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Trampling Out the Vintage: Cesar Chavez and the Two Souls of the United Farm Workers 1st Edition

5.0 out of 5 stars 21 customer reviews
ISBN-13: 978-1781680667
ISBN-10: 1781680663
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Editorial Reviews

From Bookforum

Trampling Out the Vintage serves as both a cautionary and inspirational tale that delimits the profound reach of grassroots field organizing, while also detailing the inward-looking drift of a labor leadership that wound up crowding out the key concerns of the union's own members. Bardacke, a former social-justice activist, farmworker, and labor educator, is a deft and sensitive storyteller, and he's produced an affecting portrait of both Chavez and the rank-and-file agricultural workers who aided his rise to power. —Richard Greenwald --This text refers to an out of print or unavailable edition of this title.

Review

“Bardacke is a talented writer, burning with rage against injustice, and his subject is one of the most attractive and charismatic figures US politics has produced.”—The Guardian

“An ... intelligent, thorough history. [Chavez’s] truth is marching on.”—The Economist

“[M]agnificent and tragic history... Bardacke’s enormously insightful and nuanced book thus radically reconfigures the social, political, and moral narrative with which most Americans have understood the history of the farm worker movement and its leadership.”—Dissent

“[T]he first comprehensive history of the rise and fall of the UFW, written from the viewpoint of the farmworkers who vitalized the movement known as ‘La Causa.’”—San Francisco Chronicle

“The best history ever written of the United Farm Workers (UFW) and Cesar Chavez. Certain to become a classic of U.S. working class history.”—Upside Down World

“Frank Bardacke has written the comprehensive history of the United Farm Workers, a definitive biography of Cesar Chavez and a magnificent guide to the politics and sociology of the 1960s-80s. Deserves #1 ranking as best labor history of the year.”—Daily Censored

“In his superb new book Frank Bardacke reports that by the 1970s, UFW organizing had gotten so strong that wages on some highly skilled farmworker crews earned $12 per hour—’more than 48 dollar in today’s money. Even the lowest-paid field workers in the late 1970s made more than one and a half times the minimum wage”—Mother Jones

“[A] detailed and impeccably researched history of the UFW ... a clear-eyed narrative and analysis of the successes and mistakes made by a group of men and women trying to organize a section of the US working class notoriously difficult to organize. [A]n expansive, readable study of one of the more meaningful struggles of the twentieth century and an instruction book for anyone interested in organizing workers to regain the wealth that they create.”—Ron Jacobs

“In the era of so many book-a-year authors, Trampling Out the Vintage has a lifetime-achievement feel ... [It] skillfully tells the dramatic story of the rise and fall of the UFW, but what makes this a landmark book is its emphasis on the rank-and-file leaders, who are too often obscured by the long shadow cast by Chavez. It is these workers who are the heroes of Bardacke’s book—workers whose leadership was essential to the union’s success, and whose betrayal contributed to its eventual demise.”—The Nation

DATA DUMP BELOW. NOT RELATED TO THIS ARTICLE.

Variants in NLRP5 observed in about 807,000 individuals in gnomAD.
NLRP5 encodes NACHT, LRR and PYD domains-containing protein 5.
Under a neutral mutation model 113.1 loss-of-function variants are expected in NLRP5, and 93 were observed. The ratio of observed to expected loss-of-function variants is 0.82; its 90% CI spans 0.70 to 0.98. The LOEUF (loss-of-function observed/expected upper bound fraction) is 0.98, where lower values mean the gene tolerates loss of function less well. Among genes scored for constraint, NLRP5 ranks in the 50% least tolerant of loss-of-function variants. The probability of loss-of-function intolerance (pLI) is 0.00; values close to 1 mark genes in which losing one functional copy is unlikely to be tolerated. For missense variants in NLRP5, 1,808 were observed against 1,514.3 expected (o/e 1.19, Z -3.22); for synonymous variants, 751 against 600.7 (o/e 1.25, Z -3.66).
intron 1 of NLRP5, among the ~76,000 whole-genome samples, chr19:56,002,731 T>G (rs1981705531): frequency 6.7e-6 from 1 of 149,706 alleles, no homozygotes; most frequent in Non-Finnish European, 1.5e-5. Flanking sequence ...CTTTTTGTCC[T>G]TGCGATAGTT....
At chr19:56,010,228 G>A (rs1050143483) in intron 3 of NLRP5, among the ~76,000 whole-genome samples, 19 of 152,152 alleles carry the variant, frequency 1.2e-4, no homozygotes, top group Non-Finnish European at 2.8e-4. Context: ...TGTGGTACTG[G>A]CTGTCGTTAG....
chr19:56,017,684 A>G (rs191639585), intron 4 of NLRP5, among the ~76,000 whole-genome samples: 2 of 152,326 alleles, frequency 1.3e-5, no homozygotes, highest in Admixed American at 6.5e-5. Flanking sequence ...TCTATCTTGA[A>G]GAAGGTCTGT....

“A radically honest, uncompromising and often painful deconstruction of the legend of Cesar Chavez, Trampling Out the Vintage is one of the long-awaited books of our time. Having spent almost a decade as an agricultural worker in California’s Pajaro Valley (where he still lives), Bardacke’s account evokes the spirit of Steinbeck, resurrecting the true heroes of La Causa—the rank and file fieldworkers—and reminding us that the grapes of wrath still remain to be harvested for social justice.”—Mike Davis
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Product Details

  • Paperback: 848 pages
  • Publisher: Verso; 1 edition (October 9, 2012)
  • Language: English
  • ISBN-10: 1781680663
  • ISBN-13: 978-1781680667
  • Product Dimensions: 6.1 x 1.7 x 9.3 inches
  • Shipping Weight: 2.6 pounds (View shipping rates and policies)
  • Average Customer Review: 5.0 out of 5 stars  See all reviews (21 customer reviews)
  • Amazon Best Sellers Rank: #692,634 in Books (See Top 100 in Books)

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By Paul M. Buhle on October 27, 2011
Format: Hardcover
This is a landmark volume: Bardacke has delivered the most important history of Mexican-American unionism as well as the most detailed history of workplace life in any major US business since David Montgomery's works of the 1960s-80s. Trampling Out the Vintage is also the poignant tale of an icon imploded, Cesar Chavez pulling down the UFW with him, or being pulled down by the impossibility of organizing agricultural labor. Bardacke, a 1960s Berkeley campus leader who took to the fields and personally introduced the long-handled hoe in Watsonville, interviewed hundreds of UFW activists and catches the nuances that only oral history can reach. It's an incredible book.